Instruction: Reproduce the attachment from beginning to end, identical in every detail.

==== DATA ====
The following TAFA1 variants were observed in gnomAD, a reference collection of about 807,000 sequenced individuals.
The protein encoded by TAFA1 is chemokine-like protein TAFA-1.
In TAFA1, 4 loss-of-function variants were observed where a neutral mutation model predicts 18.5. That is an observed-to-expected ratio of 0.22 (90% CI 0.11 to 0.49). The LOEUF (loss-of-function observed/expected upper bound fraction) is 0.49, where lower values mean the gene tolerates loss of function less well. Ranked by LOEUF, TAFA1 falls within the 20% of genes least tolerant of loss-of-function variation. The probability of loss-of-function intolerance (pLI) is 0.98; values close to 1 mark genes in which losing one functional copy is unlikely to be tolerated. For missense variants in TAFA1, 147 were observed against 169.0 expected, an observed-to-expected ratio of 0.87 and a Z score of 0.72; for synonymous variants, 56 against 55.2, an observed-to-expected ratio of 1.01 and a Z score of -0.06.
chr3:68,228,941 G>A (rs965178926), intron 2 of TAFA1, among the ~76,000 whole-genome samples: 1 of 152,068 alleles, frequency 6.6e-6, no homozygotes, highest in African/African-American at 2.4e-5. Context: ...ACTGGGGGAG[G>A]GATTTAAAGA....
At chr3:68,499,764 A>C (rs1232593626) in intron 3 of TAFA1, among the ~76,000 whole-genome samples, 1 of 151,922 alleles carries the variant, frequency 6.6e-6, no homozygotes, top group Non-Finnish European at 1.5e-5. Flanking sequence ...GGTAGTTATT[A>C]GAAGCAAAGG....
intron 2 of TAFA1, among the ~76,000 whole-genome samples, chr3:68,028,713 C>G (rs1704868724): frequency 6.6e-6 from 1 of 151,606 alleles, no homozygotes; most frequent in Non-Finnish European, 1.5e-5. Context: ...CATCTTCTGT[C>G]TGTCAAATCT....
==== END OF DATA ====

The following TAFA1 variants were observed in gnomAD, a reference collection of about 807,000 sequenced individuals.
The protein encoded by TAFA1 is chemokine-like protein TAFA-1.
In TAFA1, 4 loss-of-function variants were observed where a neutral mutation model predicts 18.5. That is an observed-to-expected ratio of 0.22 (90% CI 0.11 to 0.49). The LOEUF (loss-of-function observed/expected upper bound fraction) is 0.49, where lower values mean the gene tolerates loss of function less well. Ranked by LOEUF, TAFA1 falls within the 20% of genes least tolerant of loss-of-function variation. The probability of loss-of-function intolerance (pLI) is 0.98; values close to 1 mark genes in which losing one functional copy is unlikely to be tolerated. For missense variants in TAFA1, 147 were observed against 169.0 expected, an observed-to-expected ratio of 0.87 and a Z score of 0.72; for synonymous variants, 56 against 55.2, an observed-to-expected ratio of 1.01 and a Z score of -0.06.
chr3:68,228,941 G>A (rs965178926), intron 2 of TAFA1, among the ~76,000 whole-genome samples: 1 of 152,068 alleles, frequency 6.6e-6, no homozygotes, highest in African/African-American at 2.4e-5. Context: ...ACTGGGGGAG[G>A]GATTTAAAGA....
At chr3:68,499,764 A>C (rs1232593626) in intron 3 of TAFA1, among the ~76,000 whole-genome samples, 1 of 151,922 alleles carries the variant, frequency 6.6e-6, no homozygotes, top group Non-Finnish European at 1.5e-5. Flanking sequence ...GGTAGTTATT[A>C]GAAGCAAAGG....
intron 2 of TAFA1, among the ~76,000 whole-genome samples, chr3:68,028,713 C>G (rs1704868724): frequency 6.6e-6 from 1 of 151,606 alleles, no homozygotes; most frequent in Non-Finnish European, 1.5e-5. Context: ...CATCTTCTGT[C>G]TGTCAAATCT....